Eli Dunn was born into the restaurant business, helping his mother run her former Massachusetts mainstay Phoebe’s Fish and Chips from the time he was a teenager until he ran the kitchen as head chef. Now, the chef/owner of Eli’s Kitchen in Warren, Rhode Island (who credits Upserve analytics with providing valuable business insights into his operation) is taking his talents to television, competing on Food Network’s Chopped on Nov. 27 at 9 pm. But first, he dishes with Restaurant Insider about how the strategy for running his own kitchen was perfectly aligned with his attempt to take home the $10,000 prize.
What sorts of cuisine are you typically whipping up at Eli’s Kitchen?
Somebody on Yelp once said that we’re comfort food with global influences. I like that. I felt like that described us in a nutshell. Really my business model from the very beginning was inclusivity, so I really wanted to have something on the menu for everybody, which is difficult to do. It’s a lot of work. I’m obsessed about, if I’m going to do something vegetarian, I’m not just going to throw a salad on the menu; I’m going to try to make something really delicious, as delicious as a burger. I think I’m borderline obsessive about trying to reach a certain ethnicity or food preference. I try to represent it as best I can. … We do accessible comfort food. Our little motto is, “Source responsibly, cook with love, and share with others.” That really defines my cooking ability. Cooking is not just service for me. I’m not motivated necessarily by profit or increasing revenue. It’s more about making people happy.
Where does that mentality come from?
I started working in my mom’s restaurant when I was 15. I had done everything from wash the dishes to prepping to bake the bread, serving, to eventually being the head chef the last five years or so. It’s just in my blood. I’ve been cooking my whole life. [After Phoebe’s closed] I became one of the brunch chefs at Julian’s in Providence in ‘04. I had only really ever cooked seafood up to that point. That was the first time I ever worked in a place where they were doing what we do. They cater to everybody. I learned about vegan cuisine, vegetarian cuisine, brunch, all that stuff. That was my introduction to the world outside of fish and chips and fried clams.
Without giving away any spoilers, how did your experiences help you prepare for the challenges on Chopped?
The way we cook here, we do our set menu, but we do expanded specials every single day. Some restaurants would have one or two specials a night. We have anywhere from nine to 12 specials a night: three small plates, two large plates, and desserts. Those specials are created using the simple formula where we go into the walk-in with what we call the “use list,” and we’ve got different categories. We find all the random special extra stuff we have, a mixture of stuff from local farms and stuff that is leftover from other dishes. We just create a special on the fly using all the different things that we have. It’s really good for food cost, it’s good for cross-utilization of product, it’s a really good way to get cooks engaged. I knew that. That’s how they do it at Julian’s so that’s where I learned.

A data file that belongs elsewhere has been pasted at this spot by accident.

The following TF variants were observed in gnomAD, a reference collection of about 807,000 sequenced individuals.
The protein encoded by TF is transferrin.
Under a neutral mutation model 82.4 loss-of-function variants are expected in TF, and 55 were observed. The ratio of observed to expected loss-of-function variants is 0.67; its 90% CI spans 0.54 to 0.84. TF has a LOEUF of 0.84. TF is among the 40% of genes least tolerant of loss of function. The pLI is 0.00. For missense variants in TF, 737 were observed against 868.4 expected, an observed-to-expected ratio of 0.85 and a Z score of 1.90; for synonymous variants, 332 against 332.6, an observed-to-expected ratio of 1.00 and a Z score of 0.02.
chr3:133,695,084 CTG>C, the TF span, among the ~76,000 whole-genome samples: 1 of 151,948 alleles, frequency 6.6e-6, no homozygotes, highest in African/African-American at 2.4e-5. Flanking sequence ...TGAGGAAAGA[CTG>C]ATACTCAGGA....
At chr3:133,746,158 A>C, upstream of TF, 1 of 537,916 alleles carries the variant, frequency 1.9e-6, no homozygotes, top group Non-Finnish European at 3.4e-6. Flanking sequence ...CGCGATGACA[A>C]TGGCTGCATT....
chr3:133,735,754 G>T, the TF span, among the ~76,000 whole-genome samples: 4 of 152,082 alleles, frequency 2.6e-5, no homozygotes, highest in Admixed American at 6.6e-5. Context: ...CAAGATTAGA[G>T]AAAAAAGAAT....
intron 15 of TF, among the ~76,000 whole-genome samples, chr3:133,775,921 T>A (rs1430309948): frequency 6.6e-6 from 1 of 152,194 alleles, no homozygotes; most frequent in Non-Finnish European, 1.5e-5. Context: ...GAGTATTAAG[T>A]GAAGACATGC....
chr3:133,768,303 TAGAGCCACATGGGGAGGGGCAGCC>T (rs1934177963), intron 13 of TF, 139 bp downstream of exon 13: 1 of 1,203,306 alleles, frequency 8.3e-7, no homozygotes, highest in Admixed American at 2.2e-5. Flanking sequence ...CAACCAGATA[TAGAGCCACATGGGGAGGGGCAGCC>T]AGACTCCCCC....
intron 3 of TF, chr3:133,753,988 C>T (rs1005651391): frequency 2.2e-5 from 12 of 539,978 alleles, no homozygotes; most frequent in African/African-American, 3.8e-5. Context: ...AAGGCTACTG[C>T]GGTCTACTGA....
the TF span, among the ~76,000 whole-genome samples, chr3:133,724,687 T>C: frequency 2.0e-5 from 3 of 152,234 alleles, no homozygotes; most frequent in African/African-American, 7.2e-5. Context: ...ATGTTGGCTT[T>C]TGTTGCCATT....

That’s the premise of Chopped right there.
That worked in my favor, going into a competition like this where you open a box and you have 20 minutes to figure out what to do with this weird stuff. The thing that I think was the scariest or I was the most nervous about was just having cameras in my face.
What made you want to participate in a cooking competition show then?
I got a casting call for Chopped in the fall of last year. I think I turned it down at first because I just didn’t feel like I could fit it into my schedule. But I did a little more research and I realized it was only being filmed for one day. My staff was like, “You’ve got to do this.” They talked me into it. Because, truth be told, I had never really watched a lot of Chopped. I love Food Network and I love Top Chef and some of the other ones, but I hadn’t really seen a lot of Chopped, maybe once or twice. But once I got the casting call, it marinated for a little while, then I reached out again and said I definitely want to do this.
Did you learn anything about yourself as a chef through this process?
One of the things I think really came out of the preparation of doing the show is it really helped me understand why I love cooking, why I do what I do. I think I’ve opened a restaurant because that’s what I wanted to do, and I love cooking. It’s just been really organic. I’m not the kind of person that’s real analytical and cerebral. That’s just not who I am. I’m a real-feel type of cook. Being forced to think about why I cook, what’s my style of cooking, really helped me learn more about myself as a chef. It helped sharpen my focus. In a way, that affected my cooking at the restaurant. I started with: Cooking is an act of service. That was a big thing. That was when I condensed everything that I was thinking about down into one line: Cooking is an act of service. … So that was something I really thought about, and that was something I said when I was on set. I think that’s probably what I got out of it. It really helped me see down to the micro level what it is I love about cooking.
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